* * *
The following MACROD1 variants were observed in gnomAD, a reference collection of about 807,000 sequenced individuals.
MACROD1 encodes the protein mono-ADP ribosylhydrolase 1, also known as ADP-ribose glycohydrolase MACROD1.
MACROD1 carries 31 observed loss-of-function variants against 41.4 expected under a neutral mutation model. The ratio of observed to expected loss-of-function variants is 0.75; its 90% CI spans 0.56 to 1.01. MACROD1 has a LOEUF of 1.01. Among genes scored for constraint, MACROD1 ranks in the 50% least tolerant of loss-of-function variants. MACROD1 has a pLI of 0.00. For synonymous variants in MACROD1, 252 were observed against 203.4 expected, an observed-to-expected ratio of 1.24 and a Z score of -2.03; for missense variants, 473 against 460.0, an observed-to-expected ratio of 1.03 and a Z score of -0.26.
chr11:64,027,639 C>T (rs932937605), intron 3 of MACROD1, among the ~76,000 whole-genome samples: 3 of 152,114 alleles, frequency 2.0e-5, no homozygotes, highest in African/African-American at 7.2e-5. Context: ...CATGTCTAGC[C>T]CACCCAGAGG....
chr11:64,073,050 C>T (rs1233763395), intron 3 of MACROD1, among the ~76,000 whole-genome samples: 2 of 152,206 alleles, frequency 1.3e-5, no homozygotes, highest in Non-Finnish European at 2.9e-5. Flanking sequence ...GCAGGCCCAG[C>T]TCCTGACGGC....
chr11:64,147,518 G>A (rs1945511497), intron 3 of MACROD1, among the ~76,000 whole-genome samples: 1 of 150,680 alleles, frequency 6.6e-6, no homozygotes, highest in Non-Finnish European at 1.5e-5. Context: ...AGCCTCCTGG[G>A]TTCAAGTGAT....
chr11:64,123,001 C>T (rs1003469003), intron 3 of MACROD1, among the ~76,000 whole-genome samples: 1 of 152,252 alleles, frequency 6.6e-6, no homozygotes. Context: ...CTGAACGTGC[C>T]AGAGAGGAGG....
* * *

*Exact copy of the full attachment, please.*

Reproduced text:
The following MACROD1 variants were observed in gnomAD, a reference collection of about 807,000 sequenced individuals.
MACROD1 encodes the protein mono-ADP ribosylhydrolase 1, also known as ADP-ribose glycohydrolase MACROD1.
MACROD1 carries 31 observed loss-of-function variants against 41.4 expected under a neutral mutation model. The ratio of observed to expected loss-of-function variants is 0.75; its 90% CI spans 0.56 to 1.01. MACROD1 has a LOEUF of 1.01. Among genes scored for constraint, MACROD1 ranks in the 50% least tolerant of loss-of-function variants. MACROD1 has a pLI of 0.00. For synonymous variants in MACROD1, 252 were observed against 203.4 expected, an observed-to-expected ratio of 1.24 and a Z score of -2.03; for missense variants, 473 against 460.0, an observed-to-expected ratio of 1.03 and a Z score of -0.26.
chr11:64,027,639 C>T (rs932937605), intron 3 of MACROD1, among the ~76,000 whole-genome samples: 3 of 152,114 alleles, frequency 2.0e-5, no homozygotes, highest in African/African-American at 7.2e-5. Context: ...CATGTCTAGC[C>T]CACCCAGAGG....
chr11:64,073,050 C>T (rs1233763395), intron 3 of MACROD1, among the ~76,000 whole-genome samples: 2 of 152,206 alleles, frequency 1.3e-5, no homozygotes, highest in Non-Finnish European at 2.9e-5. Flanking sequence ...GCAGGCCCAG[C>T]TCCTGACGGC....
chr11:64,147,518 G>A (rs1945511497), intron 3 of MACROD1, among the ~76,000 whole-genome samples: 1 of 150,680 alleles, frequency 6.6e-6, no homozygotes, highest in Non-Finnish European at 1.5e-5. Context: ...AGCCTCCTGG[G>A]TTCAAGTGAT....
chr11:64,123,001 C>T (rs1003469003), intron 3 of MACROD1, among the ~76,000 whole-genome samples: 1 of 152,252 alleles, frequency 6.6e-6, no homozygotes. Context: ...CTGAACGTGC[C>T]AGAGAGGAGG....